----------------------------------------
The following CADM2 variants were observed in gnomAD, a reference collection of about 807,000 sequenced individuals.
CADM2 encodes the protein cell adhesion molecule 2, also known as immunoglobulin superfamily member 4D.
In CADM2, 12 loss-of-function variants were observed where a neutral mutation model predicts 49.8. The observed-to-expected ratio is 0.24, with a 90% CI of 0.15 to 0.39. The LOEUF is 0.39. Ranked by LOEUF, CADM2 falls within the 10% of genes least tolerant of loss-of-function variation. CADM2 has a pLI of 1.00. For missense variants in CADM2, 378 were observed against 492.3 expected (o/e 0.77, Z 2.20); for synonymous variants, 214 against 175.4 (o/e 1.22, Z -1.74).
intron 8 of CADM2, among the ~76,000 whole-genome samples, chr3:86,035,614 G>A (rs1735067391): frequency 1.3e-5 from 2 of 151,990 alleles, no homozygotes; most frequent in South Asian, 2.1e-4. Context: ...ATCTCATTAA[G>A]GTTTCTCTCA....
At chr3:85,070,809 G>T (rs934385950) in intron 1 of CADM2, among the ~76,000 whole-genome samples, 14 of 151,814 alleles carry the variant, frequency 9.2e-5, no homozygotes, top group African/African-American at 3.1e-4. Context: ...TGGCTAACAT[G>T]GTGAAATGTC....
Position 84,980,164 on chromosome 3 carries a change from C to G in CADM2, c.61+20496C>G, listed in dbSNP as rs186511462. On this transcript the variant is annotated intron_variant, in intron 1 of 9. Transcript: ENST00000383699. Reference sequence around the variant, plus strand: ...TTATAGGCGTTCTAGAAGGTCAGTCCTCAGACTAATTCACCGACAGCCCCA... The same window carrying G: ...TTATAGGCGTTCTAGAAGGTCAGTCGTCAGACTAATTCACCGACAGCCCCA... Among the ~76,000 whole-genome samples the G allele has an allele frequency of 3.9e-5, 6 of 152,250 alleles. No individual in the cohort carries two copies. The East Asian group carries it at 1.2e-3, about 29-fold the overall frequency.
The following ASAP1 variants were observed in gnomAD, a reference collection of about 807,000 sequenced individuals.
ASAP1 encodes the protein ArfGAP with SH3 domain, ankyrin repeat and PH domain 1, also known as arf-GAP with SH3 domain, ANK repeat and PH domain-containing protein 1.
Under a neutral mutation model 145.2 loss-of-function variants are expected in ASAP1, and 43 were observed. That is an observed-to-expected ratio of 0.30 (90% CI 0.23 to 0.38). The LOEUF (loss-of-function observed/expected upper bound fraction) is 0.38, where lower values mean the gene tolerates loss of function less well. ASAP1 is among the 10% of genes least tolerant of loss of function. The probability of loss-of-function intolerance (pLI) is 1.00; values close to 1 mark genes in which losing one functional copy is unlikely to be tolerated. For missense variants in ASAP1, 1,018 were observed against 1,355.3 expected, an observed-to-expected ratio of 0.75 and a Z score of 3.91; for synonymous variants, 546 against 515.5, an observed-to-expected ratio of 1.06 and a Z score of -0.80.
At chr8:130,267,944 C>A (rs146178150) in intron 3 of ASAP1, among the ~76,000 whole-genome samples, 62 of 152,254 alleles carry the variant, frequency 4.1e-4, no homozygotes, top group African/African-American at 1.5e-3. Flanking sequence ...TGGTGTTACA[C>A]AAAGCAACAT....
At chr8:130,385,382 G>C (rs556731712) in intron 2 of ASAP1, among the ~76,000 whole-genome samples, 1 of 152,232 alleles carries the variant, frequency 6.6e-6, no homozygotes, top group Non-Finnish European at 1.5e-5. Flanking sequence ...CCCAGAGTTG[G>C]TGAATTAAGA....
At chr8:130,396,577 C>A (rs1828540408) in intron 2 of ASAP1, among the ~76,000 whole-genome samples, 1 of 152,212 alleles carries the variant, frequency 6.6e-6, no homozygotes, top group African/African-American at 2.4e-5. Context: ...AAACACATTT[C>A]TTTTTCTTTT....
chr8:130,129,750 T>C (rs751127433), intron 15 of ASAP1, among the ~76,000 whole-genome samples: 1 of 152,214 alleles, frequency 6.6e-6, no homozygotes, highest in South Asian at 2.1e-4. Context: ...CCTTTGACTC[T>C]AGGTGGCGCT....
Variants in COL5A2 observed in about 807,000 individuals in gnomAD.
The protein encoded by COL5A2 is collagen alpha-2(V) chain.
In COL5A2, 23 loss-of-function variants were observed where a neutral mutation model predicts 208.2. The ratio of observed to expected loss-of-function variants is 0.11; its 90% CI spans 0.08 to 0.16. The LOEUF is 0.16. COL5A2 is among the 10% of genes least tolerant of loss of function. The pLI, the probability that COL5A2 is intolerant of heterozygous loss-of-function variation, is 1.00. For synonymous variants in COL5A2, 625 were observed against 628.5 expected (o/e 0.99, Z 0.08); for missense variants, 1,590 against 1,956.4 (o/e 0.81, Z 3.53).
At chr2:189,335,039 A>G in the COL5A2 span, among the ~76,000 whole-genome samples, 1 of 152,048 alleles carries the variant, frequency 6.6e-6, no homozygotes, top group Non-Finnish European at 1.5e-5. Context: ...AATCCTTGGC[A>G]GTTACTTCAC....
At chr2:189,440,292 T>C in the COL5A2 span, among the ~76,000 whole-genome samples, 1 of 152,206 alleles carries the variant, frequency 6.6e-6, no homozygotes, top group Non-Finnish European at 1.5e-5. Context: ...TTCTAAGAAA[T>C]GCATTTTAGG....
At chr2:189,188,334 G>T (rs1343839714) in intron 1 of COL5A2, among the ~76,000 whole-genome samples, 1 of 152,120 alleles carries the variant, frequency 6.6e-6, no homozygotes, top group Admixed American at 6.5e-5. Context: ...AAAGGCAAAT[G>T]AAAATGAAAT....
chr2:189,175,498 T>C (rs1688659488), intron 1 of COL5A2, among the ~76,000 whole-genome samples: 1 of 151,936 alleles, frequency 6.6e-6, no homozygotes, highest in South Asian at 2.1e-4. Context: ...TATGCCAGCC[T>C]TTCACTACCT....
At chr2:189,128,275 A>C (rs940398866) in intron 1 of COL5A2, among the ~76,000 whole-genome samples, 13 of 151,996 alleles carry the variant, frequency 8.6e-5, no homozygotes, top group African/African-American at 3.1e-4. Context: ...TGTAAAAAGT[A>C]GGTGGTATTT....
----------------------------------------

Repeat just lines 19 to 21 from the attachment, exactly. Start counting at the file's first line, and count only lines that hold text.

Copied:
At chr2:189,188,334 G>T (rs1343839714) in intron 1 of COL5A2, among the ~76,000 whole-genome samples, 1 of 152,120 alleles carries the variant, frequency 6.6e-6, no homozygotes, top group Admixed American at 6.5e-5. Context: ...AAAGGCAAAT[G>T]AAAATGAAAT....
chr2:189,175,498 T>C (rs1688659488), intron 1 of COL5A2, among the ~76,000 whole-genome samples: 1 of 151,936 alleles, frequency 6.6e-6, no homozygotes, highest in South Asian at 2.1e-4. Context: ...TATGCCAGCC[T>C]TTCACTACCT....
At chr2:189,128,275 A>C (rs940398866) in intron 1 of COL5A2, among the ~76,000 whole-genome samples, 13 of 151,996 alleles carry the variant, frequency 8.6e-5, no homozygotes, top group African/African-American at 3.1e-4. Context: ...TGTAAAAAGT[A>C]GGTGGTATTT....